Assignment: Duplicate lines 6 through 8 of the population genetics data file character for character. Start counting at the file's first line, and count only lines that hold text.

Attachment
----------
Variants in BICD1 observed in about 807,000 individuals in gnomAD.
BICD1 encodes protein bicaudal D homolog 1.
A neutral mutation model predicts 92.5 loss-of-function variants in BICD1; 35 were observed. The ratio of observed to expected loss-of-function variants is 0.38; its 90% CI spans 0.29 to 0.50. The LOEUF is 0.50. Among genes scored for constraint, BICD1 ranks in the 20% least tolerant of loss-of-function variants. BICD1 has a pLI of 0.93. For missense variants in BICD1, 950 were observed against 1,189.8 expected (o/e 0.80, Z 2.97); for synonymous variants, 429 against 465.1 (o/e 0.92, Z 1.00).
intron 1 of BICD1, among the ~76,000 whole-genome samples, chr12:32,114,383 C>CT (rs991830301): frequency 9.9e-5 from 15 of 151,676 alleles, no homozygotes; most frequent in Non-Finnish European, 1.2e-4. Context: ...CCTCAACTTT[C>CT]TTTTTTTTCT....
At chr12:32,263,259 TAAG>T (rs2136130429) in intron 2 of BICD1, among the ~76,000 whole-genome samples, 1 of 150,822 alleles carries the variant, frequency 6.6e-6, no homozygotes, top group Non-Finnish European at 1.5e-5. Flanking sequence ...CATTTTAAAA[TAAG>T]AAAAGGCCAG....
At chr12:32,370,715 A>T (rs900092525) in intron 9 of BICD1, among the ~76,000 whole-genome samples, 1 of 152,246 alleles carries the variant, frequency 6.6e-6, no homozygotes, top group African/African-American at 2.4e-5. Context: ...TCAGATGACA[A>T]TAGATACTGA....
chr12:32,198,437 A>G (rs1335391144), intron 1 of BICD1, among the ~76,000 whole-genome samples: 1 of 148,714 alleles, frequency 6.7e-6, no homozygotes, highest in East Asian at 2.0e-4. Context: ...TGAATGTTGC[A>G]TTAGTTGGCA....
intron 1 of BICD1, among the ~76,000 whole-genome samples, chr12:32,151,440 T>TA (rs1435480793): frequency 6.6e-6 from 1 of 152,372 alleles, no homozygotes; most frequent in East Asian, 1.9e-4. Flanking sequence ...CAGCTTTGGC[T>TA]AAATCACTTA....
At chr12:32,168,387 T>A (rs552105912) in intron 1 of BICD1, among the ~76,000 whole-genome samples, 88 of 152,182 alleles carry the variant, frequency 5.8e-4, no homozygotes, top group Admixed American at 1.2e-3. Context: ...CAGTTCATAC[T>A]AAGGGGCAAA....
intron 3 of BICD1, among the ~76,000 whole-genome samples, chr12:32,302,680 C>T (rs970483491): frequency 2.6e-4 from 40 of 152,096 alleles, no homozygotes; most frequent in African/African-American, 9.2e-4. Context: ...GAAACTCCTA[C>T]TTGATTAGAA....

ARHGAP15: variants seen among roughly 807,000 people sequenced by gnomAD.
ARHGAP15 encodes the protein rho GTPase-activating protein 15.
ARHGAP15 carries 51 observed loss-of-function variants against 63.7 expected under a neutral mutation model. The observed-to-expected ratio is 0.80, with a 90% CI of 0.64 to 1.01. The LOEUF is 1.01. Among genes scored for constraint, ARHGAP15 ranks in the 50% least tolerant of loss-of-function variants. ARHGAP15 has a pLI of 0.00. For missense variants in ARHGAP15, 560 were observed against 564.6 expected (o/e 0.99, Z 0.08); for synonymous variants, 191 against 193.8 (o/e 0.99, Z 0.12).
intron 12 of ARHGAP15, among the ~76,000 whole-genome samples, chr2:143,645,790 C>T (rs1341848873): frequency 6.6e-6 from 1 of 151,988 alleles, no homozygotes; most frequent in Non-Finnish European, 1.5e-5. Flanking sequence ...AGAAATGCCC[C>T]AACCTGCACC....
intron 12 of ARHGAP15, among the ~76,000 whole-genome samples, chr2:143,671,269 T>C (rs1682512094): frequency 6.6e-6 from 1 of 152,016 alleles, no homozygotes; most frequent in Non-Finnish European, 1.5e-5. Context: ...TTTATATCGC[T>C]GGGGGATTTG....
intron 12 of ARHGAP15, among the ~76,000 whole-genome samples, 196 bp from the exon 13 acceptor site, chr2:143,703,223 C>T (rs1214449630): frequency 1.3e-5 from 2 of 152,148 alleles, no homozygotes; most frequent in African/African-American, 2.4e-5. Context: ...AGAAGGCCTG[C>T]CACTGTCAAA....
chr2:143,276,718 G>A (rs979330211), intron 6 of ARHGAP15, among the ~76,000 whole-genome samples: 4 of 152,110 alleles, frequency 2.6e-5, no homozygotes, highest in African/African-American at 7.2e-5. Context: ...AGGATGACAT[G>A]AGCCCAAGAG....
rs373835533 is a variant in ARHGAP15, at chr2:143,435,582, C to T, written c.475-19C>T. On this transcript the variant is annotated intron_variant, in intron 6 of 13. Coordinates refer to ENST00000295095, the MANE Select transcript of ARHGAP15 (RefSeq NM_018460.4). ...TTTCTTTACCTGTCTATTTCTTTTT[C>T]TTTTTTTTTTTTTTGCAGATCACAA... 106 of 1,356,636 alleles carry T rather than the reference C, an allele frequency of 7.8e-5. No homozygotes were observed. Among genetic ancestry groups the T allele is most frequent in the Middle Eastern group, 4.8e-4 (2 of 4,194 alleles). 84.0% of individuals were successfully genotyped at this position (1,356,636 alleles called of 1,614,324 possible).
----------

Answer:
At chr12:32,370,715 A>T (rs900092525) in intron 9 of BICD1, among the ~76,000 whole-genome samples, 1 of 152,246 alleles carries the variant, frequency 6.6e-6, no homozygotes, top group African/African-American at 2.4e-5. Context: ...TCAGATGACA[A>T]TAGATACTGA....
chr12:32,198,437 A>G (rs1335391144), intron 1 of BICD1, among the ~76,000 whole-genome samples: 1 of 148,714 alleles, frequency 6.7e-6, no homozygotes, highest in East Asian at 2.0e-4. Context: ...TGAATGTTGC[A>G]TTAGTTGGCA....
intron 1 of BICD1, among the ~76,000 whole-genome samples, chr12:32,151,440 T>TA (rs1435480793): frequency 6.6e-6 from 1 of 152,372 alleles, no homozygotes; most frequent in East Asian, 1.9e-4. Flanking sequence ...CAGCTTTGGC[T>TA]AAATCACTTA....